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Motte and bailey castle at English Bicknor

A Scheduled Monument in English Bicknor, Gloucestershire

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Latitude: 51.8388 / 51°50'19"N

Longitude: -2.6092 / 2°36'33"W

OS Eastings: 358121.275013

OS Northings: 215753.931717

OS Grid: SO581157

Mapcode National: GBR FQ.V9DW

Mapcode Global: VH86W.Q1GP

Entry Name: Motte and bailey castle at English Bicknor

Scheduled Date: 14 November 1969

Last Amended: 24 September 1999

Source: Historic England

Source ID: 1016761

English Heritage Legacy ID: 28862

County: Gloucestershire

Civil Parish: English Bicknor

Traditional County: Gloucestershire

Lieutenancy Area (Ceremonial County): Gloucestershire

Church of England Parish: English Bicknor St Mary

Church of England Diocese: Gloucester


The monument includes a motte and bailey castle on high ground above the River
Wye in the Forest of Dean.
The castle includes a motte and inner and outer bailey; each bailey is
surrounded by a moat, or ditch, with the remnant of a leat adjoining the moat
of the outer bailey which is thought to be part of a water management system
for the moat. The whole castle takes the form of a rough oval oriented north
to south. The motte lies in the south west quadrant of this oval within the
inner bailey which is in turn encircled by a moat. The west and south ditches
of the inner bailey are confluent with the ditch of the outer bailey. The
motte is not a perfectly circular mound, but rather resembles a lozenge shape,
aligned north west-south east. The whole mound measures 40m east-west and 50m
north-south, and its flattened top is 30m east-west by 20m north-south. The
motte stands to 4m high. A berm of maximum width 16m and minimum width 4m
separates the motte from the inner bailey moat. There are traces of an inner
bank at the north and south sides of the inner bailey standing about 0.1m
high. The moat of the inner bailey is `V' shaped and 2m wide at the bottom, 9m
wide at the top and about 4.5m deep.
Alignments of roads around the castle suggest that there was possibly an
entrance directly into the inner bailey on the south side, with perhaps
another entrance into the outer bailey on the east or south east side. The
outer bailey forming a dog-leg around the north and east of the inner bailey
measures approximately 100m east-west and the same north-south. It was
originally surrounded by a moat of which only a small complete portion to the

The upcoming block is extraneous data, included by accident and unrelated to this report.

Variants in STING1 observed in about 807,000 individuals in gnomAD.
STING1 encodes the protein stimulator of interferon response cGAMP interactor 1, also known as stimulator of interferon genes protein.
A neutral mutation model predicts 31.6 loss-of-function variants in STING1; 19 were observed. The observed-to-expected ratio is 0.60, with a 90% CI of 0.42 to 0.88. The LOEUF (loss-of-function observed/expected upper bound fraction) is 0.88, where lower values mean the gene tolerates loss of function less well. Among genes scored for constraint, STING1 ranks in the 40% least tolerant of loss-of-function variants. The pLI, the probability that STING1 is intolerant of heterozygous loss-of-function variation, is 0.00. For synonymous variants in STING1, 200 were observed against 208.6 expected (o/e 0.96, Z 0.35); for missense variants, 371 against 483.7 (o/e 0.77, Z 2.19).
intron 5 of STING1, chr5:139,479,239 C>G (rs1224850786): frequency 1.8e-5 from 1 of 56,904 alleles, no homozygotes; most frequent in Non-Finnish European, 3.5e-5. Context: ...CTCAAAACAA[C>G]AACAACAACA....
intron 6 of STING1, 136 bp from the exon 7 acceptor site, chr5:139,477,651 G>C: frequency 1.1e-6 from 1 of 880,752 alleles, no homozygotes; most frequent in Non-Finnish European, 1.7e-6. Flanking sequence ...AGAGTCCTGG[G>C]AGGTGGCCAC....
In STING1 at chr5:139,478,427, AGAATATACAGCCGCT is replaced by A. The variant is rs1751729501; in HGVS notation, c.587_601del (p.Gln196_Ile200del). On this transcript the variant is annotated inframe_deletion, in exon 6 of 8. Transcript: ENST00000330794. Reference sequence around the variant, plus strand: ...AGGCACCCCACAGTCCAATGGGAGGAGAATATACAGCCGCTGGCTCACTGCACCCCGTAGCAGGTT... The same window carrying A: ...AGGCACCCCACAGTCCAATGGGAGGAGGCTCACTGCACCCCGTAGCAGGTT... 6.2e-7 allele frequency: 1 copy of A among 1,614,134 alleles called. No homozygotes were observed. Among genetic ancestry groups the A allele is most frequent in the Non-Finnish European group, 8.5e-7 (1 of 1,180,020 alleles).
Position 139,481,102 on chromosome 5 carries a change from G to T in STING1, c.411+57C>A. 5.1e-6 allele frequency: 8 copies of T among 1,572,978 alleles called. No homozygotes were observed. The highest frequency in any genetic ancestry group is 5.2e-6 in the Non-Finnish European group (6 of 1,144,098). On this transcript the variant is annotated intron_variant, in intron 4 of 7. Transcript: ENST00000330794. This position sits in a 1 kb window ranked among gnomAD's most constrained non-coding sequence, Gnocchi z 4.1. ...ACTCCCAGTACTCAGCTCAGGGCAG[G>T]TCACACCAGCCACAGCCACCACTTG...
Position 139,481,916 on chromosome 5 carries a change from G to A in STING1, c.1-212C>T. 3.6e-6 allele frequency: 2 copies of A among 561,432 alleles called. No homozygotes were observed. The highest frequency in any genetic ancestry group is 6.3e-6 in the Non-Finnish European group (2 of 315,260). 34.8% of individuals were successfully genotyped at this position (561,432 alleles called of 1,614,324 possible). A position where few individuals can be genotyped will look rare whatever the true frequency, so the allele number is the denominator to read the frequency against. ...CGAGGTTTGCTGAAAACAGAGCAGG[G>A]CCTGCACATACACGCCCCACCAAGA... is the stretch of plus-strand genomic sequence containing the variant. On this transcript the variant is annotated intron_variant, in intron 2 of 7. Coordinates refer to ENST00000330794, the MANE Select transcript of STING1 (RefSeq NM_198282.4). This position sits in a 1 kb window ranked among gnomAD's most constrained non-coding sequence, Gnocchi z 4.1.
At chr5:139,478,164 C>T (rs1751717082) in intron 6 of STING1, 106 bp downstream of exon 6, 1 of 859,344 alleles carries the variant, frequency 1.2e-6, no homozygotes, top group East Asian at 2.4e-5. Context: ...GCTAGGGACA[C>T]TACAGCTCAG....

north still survives, showing that the outer moat was originally about 5m
wide. The inner slope of the moat, however, survives for most of its
circumference up to 1m high, but up to 2m high in places, and gives the
appearance that the bailey is artificially raised above the prevailing ground
level. There is no evidence of an internal bank on the inner side of the moat.
From the north part of the outer bailey moat, a short section of ditch extends
north for about 20m. This is considered to be the remains of a water overspill
system from the outer moat.
A number of features are excluded from the scheduling; these are the house
known as `Castle House' and its outbuildings, the post and wire fence across
the top of the motte, the wooden steps cut into the motte, the tarmac surface
and make up of the school car park where it impinges on the edges of the bank
of the moat, the tarmac path on top of the bank of the moat, the school
building and mobile classrooms, the school gates, outbuildings and fittings in
the playground, the tarmac surface and make up of the playground and the
playground wall, the garage to the rear of `Lucy Court', the stone wall and
the `Lych Gate', although the ground beneath all these features is included.

The site of the monument is shown on the attached map extract.

Source: Historic England

Reasons for Scheduling

Motte and bailey castles are medieval fortifications introduced into Britain
by the Normans. They comprised a large conical mound of earth or rubble, the
motte, surmounted by a palisade and a stone or timber tower. In a majority of
examples an embanked enclosure containing additional buildings, the bailey,
adjoined the motte. Motte castles and motte-and-bailey castles acted as
garrison forts during offensive military operations, as strongholds, and, in
many cases, as aristocratic residences and as centres of local or royal
administration. Built in towns, villages and open countryside, motte and
bailey castles generally occupied strategic positions dominating their
immediate locality and, as a result, are the most visually impressive
monuments of the early post-Conquest period surviving in the modern landscape.
Over 600 motte castles or motte-and-bailey castles are recorded nationally,
with examples known from most regions. As one of a restricted range of
recognised early post-Conquest monuments, they are particularly important for
the study of Norman Britain and the development of the feudal system. Although
many were occupied for only a short period of time, motte castles continued to
be built and occupied from the 11th to the 13th centuries, after which they
were superseded by other types of castle.

The motte and bailey castle at English Bicknor survives well as an impressive
monument in the village. Their distribution marks the progress of the Norman
campaigns in the years after the Norman Conquest. Proximity to the church of
St Mary the Virgin reflects the close links between temporal and secular power
in the medieval period. The two formed the axis for the subsequent development
of the village. The castle has not been excavated, and the earthworks of the
monument will contain archaeological information and environmental evidence
relating to the way of life of the occupants of the castle, and will also
preserve evidence of changes in the use of the site over

Source: Historic England

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